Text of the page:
'Shroom Science: Safe and Effective?

Fifty years after its introduction to science, psilocybin returns to mainstream clinical research.

Glenn McGee
Jan 31, 2007

In the August issue of Psychopharmacology, Johns Hopkins researchers published a study in which some subjects were given psilocybin and then asked to relate their experiences. Francisco Moreno of the University of Arizona published in the November issue of the Journal of Clinical Psychiatry his patients' reports that psilocybin helped them with migraine headaches. Harbor-UCLA Medical Center psychiatrist Charles Grob told the Chronicle of Higher Education that he is giving the compound to patients dying of cancer to see whether it eases pain by relieving anxiety.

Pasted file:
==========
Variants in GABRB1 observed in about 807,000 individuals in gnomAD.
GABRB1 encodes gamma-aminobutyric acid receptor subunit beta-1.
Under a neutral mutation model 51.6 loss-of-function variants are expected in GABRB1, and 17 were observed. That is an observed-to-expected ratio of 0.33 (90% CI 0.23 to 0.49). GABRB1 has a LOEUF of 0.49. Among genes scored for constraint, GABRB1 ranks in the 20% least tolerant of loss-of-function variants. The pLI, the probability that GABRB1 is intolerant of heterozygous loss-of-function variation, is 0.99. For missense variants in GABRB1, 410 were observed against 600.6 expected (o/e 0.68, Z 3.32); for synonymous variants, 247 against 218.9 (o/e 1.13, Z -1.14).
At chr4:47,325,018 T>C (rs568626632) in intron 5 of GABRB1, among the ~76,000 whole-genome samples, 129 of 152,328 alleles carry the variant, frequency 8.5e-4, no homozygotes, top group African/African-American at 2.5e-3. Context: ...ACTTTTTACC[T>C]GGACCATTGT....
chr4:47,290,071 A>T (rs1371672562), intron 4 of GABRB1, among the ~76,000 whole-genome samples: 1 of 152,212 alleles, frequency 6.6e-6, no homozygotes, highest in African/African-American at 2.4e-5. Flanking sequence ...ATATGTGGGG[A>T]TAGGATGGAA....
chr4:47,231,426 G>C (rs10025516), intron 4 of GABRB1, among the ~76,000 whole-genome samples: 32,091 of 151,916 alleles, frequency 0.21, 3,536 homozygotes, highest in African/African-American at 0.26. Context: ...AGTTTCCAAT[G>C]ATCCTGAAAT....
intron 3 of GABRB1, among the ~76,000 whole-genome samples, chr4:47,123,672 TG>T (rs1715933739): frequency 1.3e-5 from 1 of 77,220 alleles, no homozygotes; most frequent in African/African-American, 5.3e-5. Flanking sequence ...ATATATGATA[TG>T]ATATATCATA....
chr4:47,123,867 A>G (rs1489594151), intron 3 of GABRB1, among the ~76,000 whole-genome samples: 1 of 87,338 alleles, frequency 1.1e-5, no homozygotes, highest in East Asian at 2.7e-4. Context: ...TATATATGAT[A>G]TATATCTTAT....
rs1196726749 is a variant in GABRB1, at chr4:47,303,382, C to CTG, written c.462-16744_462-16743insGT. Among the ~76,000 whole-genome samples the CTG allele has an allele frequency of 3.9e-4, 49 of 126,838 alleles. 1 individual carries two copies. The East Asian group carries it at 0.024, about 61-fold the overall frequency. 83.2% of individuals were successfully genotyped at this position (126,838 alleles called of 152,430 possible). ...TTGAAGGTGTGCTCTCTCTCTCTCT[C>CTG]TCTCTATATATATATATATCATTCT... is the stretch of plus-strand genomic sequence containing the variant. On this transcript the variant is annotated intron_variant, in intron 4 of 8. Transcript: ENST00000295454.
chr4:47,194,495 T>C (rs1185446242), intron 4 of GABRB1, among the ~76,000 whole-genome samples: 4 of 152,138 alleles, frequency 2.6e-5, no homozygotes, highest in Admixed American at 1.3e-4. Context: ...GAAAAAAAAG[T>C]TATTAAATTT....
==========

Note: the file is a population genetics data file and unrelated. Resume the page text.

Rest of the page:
The study of so-called magic mushrooms isn't new; it could be argued that it is celebrating its 50th anniversary this year. It began, as best anyone can tell, when Wall Street banker R. Gordon Wasson documented his trip to a healer in Oaxaca, Mexico, whose brew, he claimed, enabled him to see the reality of ideas and concepts. His 1957 essay in Life magazine...